FIFO is an acronym for First In, First Out. This expression describes the principle of a queue or first-come, first-served behavior: what comes in first is handled first, what comes in next waits until the first is finished, etc. Thus it is analogous to the behaviour of persons "standing in a line" (preferred in American English) or "queueing" (preferred in Commonwealth English), where the persons leave the queue in the order they arrive.

A priority queue is a variation on the queue which does not qualify for the name FIFO, because it is not accurately descriptive of that data structure's behavior. Queuing theory encompasses the more general concept of queue, as well as interactions between strict-FIFO queues.

The expression FIFO can be used in different context:



Computer Science

Data Structure

In computer science this term refers to the way data stored in a queue is processed. Each item in the queue is stored in a queue (simpliciter) data structure. The first data to be added to the queue will be the first data to be removed, then processing proceeds sequentially in the same order. This is typical behavior for a queue, but see also the LIFO and stack algorithms.

A typical data structure will look like

struct fifo_node {
 fifo_node *next
 value_type value
class fifo
 fifo_node *front
 fifo_node *back
 fifo_node dequeue()
    fifo_node tempNode=new fifo_node


In computing environments that support the pipes and filters model for interprocess communication, a FIFO is another name for a named pipe.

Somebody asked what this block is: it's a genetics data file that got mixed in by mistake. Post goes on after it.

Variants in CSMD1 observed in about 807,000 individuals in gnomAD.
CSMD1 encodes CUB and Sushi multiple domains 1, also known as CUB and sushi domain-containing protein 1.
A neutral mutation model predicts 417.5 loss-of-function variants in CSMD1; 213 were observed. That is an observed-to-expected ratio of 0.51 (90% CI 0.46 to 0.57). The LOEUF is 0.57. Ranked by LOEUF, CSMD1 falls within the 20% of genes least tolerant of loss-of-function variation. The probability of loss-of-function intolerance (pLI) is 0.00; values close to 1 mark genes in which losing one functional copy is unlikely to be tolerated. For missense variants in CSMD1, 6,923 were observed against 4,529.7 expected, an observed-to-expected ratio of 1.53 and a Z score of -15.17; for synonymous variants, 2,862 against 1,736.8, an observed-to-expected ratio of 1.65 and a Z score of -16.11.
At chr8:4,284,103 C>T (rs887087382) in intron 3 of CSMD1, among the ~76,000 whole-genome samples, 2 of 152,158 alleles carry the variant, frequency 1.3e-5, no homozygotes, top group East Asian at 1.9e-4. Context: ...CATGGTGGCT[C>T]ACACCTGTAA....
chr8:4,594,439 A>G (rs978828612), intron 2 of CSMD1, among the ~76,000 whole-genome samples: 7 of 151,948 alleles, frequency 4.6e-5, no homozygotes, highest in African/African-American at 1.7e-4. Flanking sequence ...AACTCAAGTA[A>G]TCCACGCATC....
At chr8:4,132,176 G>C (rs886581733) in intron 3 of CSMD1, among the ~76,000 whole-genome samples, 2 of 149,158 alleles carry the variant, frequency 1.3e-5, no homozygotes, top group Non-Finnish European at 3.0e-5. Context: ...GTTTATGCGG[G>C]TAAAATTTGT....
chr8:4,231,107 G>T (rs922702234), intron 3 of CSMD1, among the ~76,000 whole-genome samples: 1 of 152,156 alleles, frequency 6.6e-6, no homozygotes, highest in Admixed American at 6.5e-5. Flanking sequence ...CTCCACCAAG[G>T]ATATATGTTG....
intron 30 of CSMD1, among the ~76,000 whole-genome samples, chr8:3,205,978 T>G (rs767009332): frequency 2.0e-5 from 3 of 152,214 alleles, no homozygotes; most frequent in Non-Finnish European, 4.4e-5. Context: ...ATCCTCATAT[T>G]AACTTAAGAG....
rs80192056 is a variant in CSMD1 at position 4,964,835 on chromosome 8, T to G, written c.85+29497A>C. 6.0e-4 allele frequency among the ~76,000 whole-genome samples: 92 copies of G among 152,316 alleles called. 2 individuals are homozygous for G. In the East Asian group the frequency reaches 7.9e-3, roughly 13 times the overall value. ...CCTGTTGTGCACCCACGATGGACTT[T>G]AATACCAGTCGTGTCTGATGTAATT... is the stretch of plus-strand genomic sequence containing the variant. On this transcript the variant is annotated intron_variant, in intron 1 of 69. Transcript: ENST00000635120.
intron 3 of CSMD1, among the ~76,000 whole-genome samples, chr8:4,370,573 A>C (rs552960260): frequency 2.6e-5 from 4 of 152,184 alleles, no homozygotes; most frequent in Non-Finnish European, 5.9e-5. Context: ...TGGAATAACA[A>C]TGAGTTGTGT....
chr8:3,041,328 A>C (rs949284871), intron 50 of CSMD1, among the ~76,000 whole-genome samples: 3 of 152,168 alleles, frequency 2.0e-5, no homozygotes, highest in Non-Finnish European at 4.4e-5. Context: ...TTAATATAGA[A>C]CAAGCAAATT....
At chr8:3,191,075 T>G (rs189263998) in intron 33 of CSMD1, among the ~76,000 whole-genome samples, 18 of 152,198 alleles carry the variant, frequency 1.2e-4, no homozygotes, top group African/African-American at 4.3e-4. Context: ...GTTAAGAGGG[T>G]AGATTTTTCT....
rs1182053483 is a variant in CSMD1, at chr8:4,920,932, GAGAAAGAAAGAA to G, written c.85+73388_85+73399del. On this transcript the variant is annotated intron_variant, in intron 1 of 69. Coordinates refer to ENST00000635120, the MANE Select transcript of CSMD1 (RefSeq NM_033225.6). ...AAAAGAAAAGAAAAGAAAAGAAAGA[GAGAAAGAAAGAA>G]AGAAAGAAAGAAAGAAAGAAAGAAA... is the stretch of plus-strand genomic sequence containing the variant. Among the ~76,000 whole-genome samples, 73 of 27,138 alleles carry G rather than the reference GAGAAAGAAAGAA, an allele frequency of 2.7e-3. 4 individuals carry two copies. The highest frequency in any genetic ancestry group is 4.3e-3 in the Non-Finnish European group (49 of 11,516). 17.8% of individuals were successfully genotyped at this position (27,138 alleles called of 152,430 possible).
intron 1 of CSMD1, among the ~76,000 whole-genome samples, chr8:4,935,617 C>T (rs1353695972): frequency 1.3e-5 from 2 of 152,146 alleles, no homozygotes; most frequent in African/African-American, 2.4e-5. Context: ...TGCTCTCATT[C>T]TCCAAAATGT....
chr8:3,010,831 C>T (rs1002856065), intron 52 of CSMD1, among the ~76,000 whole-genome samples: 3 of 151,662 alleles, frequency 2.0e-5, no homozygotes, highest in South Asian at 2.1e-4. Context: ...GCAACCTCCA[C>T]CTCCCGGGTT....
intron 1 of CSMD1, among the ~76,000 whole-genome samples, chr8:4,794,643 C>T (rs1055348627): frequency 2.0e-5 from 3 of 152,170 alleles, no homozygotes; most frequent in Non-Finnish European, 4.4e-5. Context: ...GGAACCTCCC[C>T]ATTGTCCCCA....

FIFOs are used commonly in electronic circuits for buffering and flow control. In hardware form a FIFO primarily consists of a set of read and write pointers, storage and control logic. Storage may be SRAM, flip-flops, latches or any other suitable form of storage. For FIFOs of non-trivial size a dual-port SRAM is usually used where one port is used for writing and the other is used for reading.

A synchronous FIFO is a FIFO where the same clock is used for both reading and writing. An asynchronous FIFO uses different clocks for reading and writing. Asynchronous FIFOs introduce metastability issues. A common implementation of an ansychronous FIFO uses gray code for the read and write pointers to ensure reliable flag generation.

FIFOs may generate various flags that indicate the status of the FIFO such as full, empty, almost full or almost empty.


  • In accounting, FIFO is a common method for recording the value of inventory. It is appropriate where there are many different batches of similar products. The method presumes that the next item to be shipped will be the oldest of that type in the warehouse. In practice, this reflects the underlying commercial substance. See also LIFO in this context.

See also

fr:First in, first out lt:FIFO nl:Fifo


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